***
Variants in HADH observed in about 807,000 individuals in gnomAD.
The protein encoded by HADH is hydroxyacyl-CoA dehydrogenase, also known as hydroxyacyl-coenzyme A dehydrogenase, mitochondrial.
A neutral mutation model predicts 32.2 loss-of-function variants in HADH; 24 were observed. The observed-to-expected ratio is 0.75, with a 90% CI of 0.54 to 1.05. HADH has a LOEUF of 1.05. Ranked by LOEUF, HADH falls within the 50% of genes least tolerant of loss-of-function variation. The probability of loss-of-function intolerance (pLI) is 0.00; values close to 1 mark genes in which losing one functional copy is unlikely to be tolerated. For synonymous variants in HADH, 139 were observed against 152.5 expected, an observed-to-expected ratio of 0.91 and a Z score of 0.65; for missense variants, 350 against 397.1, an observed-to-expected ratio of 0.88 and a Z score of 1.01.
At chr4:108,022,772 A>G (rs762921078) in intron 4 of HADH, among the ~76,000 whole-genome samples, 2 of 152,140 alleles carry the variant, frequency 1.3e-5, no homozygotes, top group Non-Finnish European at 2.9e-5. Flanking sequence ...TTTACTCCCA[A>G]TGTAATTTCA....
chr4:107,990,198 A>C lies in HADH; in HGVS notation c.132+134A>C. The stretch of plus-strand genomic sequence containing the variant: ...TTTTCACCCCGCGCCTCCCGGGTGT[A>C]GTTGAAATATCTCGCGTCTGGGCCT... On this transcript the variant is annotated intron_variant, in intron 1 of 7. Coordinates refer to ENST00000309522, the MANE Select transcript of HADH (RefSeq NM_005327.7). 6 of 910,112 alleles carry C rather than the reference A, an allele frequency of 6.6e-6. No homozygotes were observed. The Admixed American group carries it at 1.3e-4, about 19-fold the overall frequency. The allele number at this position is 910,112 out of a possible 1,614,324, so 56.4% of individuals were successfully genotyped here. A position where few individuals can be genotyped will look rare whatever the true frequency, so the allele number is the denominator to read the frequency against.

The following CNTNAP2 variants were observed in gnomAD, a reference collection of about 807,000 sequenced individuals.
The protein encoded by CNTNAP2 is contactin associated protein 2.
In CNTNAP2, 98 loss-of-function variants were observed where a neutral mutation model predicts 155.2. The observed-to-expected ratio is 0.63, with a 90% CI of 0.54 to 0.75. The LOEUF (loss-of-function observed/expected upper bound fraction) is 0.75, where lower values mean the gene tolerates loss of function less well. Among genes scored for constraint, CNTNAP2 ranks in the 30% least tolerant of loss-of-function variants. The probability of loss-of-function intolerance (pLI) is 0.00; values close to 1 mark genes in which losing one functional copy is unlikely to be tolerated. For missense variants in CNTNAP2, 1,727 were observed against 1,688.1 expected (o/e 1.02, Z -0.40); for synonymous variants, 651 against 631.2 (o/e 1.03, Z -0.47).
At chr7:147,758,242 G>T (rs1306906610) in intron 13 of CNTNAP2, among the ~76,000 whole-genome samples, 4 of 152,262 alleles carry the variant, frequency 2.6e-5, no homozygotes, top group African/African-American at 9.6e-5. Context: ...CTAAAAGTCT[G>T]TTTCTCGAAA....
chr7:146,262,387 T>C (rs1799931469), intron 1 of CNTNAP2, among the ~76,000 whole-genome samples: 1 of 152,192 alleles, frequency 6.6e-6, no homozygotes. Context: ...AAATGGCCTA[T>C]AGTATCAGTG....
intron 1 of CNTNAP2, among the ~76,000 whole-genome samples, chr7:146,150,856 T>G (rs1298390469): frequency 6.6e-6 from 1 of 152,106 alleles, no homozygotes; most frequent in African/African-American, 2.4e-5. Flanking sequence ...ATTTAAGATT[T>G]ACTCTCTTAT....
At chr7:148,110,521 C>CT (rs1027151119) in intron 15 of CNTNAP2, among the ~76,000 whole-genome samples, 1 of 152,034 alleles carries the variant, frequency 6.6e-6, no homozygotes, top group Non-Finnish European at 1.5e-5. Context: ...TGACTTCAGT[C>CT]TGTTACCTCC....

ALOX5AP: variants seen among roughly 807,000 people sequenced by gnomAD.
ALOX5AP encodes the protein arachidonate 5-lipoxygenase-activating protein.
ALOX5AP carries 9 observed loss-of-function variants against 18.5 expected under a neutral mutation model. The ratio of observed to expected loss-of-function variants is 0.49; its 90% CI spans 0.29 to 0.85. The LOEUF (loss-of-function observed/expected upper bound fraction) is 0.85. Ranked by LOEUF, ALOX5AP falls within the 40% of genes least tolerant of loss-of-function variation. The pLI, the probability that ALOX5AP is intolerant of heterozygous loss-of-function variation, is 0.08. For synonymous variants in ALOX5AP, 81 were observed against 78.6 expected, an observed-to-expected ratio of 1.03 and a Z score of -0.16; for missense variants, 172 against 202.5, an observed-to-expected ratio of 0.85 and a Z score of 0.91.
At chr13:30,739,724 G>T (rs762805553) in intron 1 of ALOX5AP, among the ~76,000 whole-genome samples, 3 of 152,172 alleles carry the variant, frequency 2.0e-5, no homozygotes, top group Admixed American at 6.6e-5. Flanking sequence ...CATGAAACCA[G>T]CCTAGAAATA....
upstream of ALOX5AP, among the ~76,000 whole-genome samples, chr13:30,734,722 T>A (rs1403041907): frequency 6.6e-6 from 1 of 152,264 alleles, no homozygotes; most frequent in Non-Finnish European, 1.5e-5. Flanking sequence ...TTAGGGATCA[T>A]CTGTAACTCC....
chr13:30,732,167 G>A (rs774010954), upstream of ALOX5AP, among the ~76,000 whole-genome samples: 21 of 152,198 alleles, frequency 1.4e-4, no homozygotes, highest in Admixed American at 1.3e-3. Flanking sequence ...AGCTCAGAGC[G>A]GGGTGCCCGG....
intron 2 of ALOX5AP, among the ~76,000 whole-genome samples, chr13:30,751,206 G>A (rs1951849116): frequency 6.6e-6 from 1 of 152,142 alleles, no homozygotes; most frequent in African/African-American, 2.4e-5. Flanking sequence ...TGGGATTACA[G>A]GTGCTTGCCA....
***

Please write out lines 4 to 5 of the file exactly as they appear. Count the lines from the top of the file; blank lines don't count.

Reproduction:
At chr4:108,022,772 A>G (rs762921078) in intron 4 of HADH, among the ~76,000 whole-genome samples, 2 of 152,140 alleles carry the variant, frequency 1.3e-5, no homozygotes, top group Non-Finnish European at 2.9e-5. Flanking sequence ...TTTACTCCCA[A>G]TGTAATTTCA....
chr4:107,990,198 A>C lies in HADH; in HGVS notation c.132+134A>C. The stretch of plus-strand genomic sequence containing the variant: ...TTTTCACCCCGCGCCTCCCGGGTGT[A>C]GTTGAAATATCTCGCGTCTGGGCCT... On this transcript the variant is annotated intron_variant, in intron 1 of 7. Coordinates refer to ENST00000309522, the MANE Select transcript of HADH (RefSeq NM_005327.7). 6 of 910,112 alleles carry C rather than the reference A, an allele frequency of 6.6e-6. No homozygotes were observed. The Admixed American group carries it at 1.3e-4, about 19-fold the overall frequency. The allele number at this position is 910,112 out of a possible 1,614,324, so 56.4% of individuals were successfully genotyped here. A position where few individuals can be genotyped will look rare whatever the true frequency, so the allele number is the denominator to read the frequency against.